Zoe Rees recently returned from the 15-day Best of Burma trip. She sat down and answered a few questions, giving a really good insight into a fascinating place that we still don't know much about.
What made you decide on Burma as a destination?
I love all things South East Asia, and Burma is one country I hadn’t been to. It was always high on my ever growing “list” but I have been mindful of the situation on the ground and was having an inner debate over visiting. When Aung San Suu Kyi was released from house arrest, followed by her changing her view that responsible tourism should be encouraged and no longer boycotted, I felt it was the right time to go.
What were your expectations going in? Was there anything you were concerned about?
I try not to have expectations when I go somewhere new, I like to go in with an open mind and just go with the flow. I was curious as to how we would be received by the locals, and also a bit concerned about enjoying an interaction and learning about their country without putting them at any risk for discussing certain topics that were being closely monitored.
Do you think a local guide added to the experience?
No one can give the insight to a country any better then someone who lives there. Particularly with a country that has such sensitive issues, and with the local people having to be extremely careful about what they say and who they say it too, it helps to gain a better understanding and a bridge to the local people.
Describe your favourite day in Burma
Our second day in Bagan was my favourite. Throughout Burma, every which way you turn, the stunning golden temples decorate the skyline. In contrast, the stone temples of Bagan reminded me a bit of the Angkor in Cambodia.
I was lucky enough to start the day at the crack of dawn with a bird’s eye view of these temples from a hot air balloon. There are literally thousands of temples and it was a serene experience to float above them. Later in the day we went by horse and cart to get up close to some that we hadn’t seen the day before on our bike ride. It was here that I also had a “back in time” experience with the realisation that bartering was well and truly in existence! The items high in demand were lip balm, mascara, perfume and nail polish. Any one of those items could secure your item of choice from their table of carvings, masks and paintings.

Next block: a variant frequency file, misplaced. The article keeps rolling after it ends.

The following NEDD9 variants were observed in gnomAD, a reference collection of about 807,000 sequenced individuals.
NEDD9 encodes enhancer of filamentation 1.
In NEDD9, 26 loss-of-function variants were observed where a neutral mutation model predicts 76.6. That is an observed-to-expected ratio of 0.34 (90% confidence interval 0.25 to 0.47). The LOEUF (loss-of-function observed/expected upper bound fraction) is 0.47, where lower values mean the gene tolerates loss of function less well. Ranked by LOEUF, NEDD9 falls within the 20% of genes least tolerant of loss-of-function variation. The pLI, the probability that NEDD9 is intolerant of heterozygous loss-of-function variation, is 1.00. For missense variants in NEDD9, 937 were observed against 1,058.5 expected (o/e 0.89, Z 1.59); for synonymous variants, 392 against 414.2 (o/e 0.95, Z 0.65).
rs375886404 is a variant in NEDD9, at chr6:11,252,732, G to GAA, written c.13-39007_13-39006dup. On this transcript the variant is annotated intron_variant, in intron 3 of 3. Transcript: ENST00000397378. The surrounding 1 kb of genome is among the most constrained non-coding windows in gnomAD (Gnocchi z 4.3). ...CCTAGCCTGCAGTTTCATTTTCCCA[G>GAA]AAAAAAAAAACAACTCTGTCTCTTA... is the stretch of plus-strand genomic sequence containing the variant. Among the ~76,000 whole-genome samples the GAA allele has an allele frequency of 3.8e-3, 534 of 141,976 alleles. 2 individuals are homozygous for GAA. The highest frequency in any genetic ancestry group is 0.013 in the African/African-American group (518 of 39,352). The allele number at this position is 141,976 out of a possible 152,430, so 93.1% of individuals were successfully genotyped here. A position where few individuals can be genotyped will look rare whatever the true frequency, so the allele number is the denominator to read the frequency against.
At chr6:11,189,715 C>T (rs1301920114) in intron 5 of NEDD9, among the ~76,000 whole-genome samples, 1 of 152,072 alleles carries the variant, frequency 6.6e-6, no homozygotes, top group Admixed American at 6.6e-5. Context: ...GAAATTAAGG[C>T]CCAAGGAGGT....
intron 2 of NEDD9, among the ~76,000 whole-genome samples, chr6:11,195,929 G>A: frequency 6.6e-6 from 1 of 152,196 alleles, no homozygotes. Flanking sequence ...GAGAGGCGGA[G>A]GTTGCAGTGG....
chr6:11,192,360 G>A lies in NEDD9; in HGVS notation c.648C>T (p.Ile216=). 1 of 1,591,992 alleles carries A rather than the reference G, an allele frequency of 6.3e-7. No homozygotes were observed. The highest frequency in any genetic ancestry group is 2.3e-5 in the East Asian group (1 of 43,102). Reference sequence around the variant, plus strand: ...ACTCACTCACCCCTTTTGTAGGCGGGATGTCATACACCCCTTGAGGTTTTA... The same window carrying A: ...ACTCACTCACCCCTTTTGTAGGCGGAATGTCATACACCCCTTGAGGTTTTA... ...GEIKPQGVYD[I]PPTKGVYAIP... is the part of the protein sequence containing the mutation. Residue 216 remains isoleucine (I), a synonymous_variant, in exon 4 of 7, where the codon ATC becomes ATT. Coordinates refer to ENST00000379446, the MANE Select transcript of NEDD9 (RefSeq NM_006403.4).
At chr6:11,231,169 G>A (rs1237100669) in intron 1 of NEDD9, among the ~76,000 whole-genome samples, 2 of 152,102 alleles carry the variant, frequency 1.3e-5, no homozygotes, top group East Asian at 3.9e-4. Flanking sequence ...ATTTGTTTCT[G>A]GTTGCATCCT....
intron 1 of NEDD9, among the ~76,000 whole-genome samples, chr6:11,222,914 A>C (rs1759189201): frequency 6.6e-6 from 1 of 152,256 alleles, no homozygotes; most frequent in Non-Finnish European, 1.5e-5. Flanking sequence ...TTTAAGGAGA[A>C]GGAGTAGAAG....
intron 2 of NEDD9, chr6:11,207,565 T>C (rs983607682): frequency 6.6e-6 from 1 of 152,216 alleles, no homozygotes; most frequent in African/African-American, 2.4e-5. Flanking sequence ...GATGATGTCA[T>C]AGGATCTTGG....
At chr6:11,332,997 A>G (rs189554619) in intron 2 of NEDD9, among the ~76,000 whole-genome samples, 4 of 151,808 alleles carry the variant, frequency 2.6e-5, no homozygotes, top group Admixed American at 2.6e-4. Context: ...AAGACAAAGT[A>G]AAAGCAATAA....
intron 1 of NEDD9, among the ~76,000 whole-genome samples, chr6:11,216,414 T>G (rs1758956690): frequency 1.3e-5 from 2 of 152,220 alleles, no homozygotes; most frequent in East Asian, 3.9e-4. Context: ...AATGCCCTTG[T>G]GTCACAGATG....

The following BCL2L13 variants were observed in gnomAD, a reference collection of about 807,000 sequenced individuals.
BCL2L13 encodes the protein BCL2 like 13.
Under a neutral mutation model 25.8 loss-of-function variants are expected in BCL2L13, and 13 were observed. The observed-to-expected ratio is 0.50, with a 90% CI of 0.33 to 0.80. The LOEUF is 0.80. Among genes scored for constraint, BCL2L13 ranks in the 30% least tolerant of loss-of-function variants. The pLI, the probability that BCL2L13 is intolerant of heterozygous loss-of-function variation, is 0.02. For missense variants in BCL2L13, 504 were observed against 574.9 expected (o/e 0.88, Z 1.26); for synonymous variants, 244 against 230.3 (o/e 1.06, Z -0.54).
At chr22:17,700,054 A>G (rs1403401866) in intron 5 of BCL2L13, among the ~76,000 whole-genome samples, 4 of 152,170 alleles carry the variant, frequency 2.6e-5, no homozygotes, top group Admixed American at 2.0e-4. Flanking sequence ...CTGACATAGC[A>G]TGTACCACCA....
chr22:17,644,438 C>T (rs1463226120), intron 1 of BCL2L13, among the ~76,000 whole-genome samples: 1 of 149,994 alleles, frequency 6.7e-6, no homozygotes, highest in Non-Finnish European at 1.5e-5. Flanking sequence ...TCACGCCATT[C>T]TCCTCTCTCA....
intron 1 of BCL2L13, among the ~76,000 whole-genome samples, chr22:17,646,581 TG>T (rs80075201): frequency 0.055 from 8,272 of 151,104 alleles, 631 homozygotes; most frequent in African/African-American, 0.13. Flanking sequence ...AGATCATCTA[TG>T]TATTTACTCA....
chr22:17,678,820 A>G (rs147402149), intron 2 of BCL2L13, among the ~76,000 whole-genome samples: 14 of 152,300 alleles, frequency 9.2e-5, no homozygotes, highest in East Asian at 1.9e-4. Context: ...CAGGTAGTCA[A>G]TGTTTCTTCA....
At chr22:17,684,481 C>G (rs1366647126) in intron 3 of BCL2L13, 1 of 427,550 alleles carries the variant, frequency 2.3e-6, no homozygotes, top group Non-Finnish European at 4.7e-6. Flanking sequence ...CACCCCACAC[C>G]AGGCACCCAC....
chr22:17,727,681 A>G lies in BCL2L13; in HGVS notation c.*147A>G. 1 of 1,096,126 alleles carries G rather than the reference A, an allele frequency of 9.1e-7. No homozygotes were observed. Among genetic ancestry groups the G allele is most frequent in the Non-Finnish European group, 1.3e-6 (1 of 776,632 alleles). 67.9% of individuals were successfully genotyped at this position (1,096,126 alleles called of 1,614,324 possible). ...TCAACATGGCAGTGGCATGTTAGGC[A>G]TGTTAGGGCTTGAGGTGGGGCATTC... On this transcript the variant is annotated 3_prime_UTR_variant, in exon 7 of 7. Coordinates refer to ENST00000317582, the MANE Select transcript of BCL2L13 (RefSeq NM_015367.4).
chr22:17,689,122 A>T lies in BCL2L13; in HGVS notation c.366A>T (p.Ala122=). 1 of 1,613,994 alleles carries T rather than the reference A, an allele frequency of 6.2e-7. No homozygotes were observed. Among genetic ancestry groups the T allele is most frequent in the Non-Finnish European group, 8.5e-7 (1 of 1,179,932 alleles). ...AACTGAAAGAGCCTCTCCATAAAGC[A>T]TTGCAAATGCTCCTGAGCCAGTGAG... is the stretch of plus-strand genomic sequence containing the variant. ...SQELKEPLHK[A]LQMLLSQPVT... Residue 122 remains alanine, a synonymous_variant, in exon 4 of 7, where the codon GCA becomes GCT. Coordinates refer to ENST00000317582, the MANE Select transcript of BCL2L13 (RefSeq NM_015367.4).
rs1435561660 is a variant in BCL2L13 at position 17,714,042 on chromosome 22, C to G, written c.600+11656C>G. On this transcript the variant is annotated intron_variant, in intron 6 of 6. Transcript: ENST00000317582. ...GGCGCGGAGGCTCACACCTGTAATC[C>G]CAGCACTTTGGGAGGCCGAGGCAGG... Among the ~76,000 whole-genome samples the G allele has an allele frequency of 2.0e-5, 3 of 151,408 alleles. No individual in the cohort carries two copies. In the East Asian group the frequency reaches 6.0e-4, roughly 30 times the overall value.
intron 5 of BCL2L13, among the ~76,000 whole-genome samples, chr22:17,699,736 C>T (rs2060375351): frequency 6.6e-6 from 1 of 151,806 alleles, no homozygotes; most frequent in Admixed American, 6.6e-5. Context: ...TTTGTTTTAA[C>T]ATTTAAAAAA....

What was the one story you were most excited to race home and share with friends?
People are always a big part of my holiday experience – learning about and observing them as they go about their daily lives. Meeting the Burmese reminded me of meeting a puppy for the first time – they watch you with curiosity; take a few steps towards you, waiting for some kind of signal from you that it’s ok. And as soon as they get that, they bound forward eager and excited.
On one day in particular, early on in our trip when the announcement was made that more then 600 of the political prisoners had been released, the local people couldn’t wait to rush up and tell us the news. They joy and recognition that change was really here and good things were starting to happen, was something really special to witness.
Tell us about the food…
Burmese food is a combination of Chinese, Indian and Thai influences. As with a lot of South East Asia the fresh fruit – mangosteens and rambutans are particular favourites. Being vegetarian I was pleased to see a range of salads (thoke) which are noodles with varying garnishes.
What is it that you enjoy about travelling with a small group?
Being able to blend in and get a better interaction with the locals. You are also less intimidating as a small group. It really stood out when at some sights we would spread out and be very inconspicuous as opposed to the larger travel groups. I remember one day on a long drive we stopped to look at some workers in the rice paddies. We hopped out to stretch our legs and wander around. I was talking to a young girl who was helping her family out on her day off from school. She was telling me all about the different products and her family. I stopped to look around at the rest my group, spread out around the fields, some talking to the men and their machines (cow!) others watching and talking to the women planting, some off to the side just soaking up the scene. Very unobtrusive and part of the scenery. Suddenly a large coach of 30-40 pulled up to see why our minivan had stopped, and they thundered down the banks, across the crops and stood in a very imposing large group shoving their cameras into the faces of the locals.
If anyone is thinking about going to Burma, what would your advice be?
Go and go quickly! You also need to remember they are an extremely new country to tourism and to have an open mind and lots of patience.
Got any packing tips or advice for travellers?
Ear plus if you are going on any of the trains! Take lots of cash in new crisp USD dollar bills – large denominations. Ensure you get your visa prior to going and book well in advance.
Describe Burma in 5 words…
Charming, Friendly, Temples, Smiles, New, Mingalarbar!
Sound good? If you want to see Burma in style, we have a very special Platinum Burma departure leaving on 14 October. The price is $4159 and includes the 14-day tour, local flights and return transfers. The price is based on twin share but a single supplement is available on application. The maximum number of places on this trip si 14, so be quick!
For more information email Zoe Rees in Private Groups on firstname.lastname@example.org.